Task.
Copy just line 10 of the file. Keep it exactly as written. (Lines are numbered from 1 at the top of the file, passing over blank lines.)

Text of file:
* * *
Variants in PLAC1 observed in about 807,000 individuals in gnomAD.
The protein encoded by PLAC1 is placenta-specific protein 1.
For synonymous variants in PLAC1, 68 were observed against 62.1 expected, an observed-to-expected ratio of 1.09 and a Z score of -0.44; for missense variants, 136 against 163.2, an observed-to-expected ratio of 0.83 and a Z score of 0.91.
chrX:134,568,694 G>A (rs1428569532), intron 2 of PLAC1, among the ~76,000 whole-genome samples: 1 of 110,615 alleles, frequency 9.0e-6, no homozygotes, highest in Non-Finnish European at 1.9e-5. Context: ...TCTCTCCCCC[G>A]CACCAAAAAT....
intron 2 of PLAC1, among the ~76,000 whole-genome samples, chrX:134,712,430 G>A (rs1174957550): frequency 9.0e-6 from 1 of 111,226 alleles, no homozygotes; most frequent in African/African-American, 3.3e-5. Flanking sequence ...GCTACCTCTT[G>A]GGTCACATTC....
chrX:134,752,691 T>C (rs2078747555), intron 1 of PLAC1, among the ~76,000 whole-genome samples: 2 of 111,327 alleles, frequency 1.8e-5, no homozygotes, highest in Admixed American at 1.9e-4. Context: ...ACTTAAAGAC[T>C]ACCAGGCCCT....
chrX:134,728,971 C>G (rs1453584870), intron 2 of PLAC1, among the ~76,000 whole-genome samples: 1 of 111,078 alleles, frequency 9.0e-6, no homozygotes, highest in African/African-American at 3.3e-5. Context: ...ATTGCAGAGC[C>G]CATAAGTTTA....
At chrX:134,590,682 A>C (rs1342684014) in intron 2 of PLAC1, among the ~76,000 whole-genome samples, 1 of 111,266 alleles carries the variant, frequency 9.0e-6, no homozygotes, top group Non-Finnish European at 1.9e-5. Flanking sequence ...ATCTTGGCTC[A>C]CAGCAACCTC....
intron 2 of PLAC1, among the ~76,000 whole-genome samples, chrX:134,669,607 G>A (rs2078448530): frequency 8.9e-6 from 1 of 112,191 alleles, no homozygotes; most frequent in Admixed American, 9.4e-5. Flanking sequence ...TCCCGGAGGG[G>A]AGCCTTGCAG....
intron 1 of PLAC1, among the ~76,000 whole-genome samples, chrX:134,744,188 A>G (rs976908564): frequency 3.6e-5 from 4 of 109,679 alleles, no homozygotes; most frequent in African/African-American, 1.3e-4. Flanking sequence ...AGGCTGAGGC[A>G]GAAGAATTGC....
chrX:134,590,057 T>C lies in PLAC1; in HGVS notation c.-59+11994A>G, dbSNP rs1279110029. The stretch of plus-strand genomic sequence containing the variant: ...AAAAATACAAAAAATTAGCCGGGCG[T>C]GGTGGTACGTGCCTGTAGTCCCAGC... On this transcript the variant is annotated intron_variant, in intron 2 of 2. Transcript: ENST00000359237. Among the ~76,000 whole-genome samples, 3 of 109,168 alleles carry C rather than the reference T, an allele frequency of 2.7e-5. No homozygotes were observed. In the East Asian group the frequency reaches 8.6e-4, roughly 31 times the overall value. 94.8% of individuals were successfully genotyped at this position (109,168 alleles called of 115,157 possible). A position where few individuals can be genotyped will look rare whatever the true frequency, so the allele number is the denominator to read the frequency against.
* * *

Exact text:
intron 1 of PLAC1, among the ~76,000 whole-genome samples, chrX:134,744,188 A>G (rs976908564): frequency 3.6e-5 from 4 of 109,679 alleles, no homozygotes; most frequent in African/African-American, 1.3e-4. Flanking sequence ...AGGCTGAGGC[A>G]GAAGAATTGC....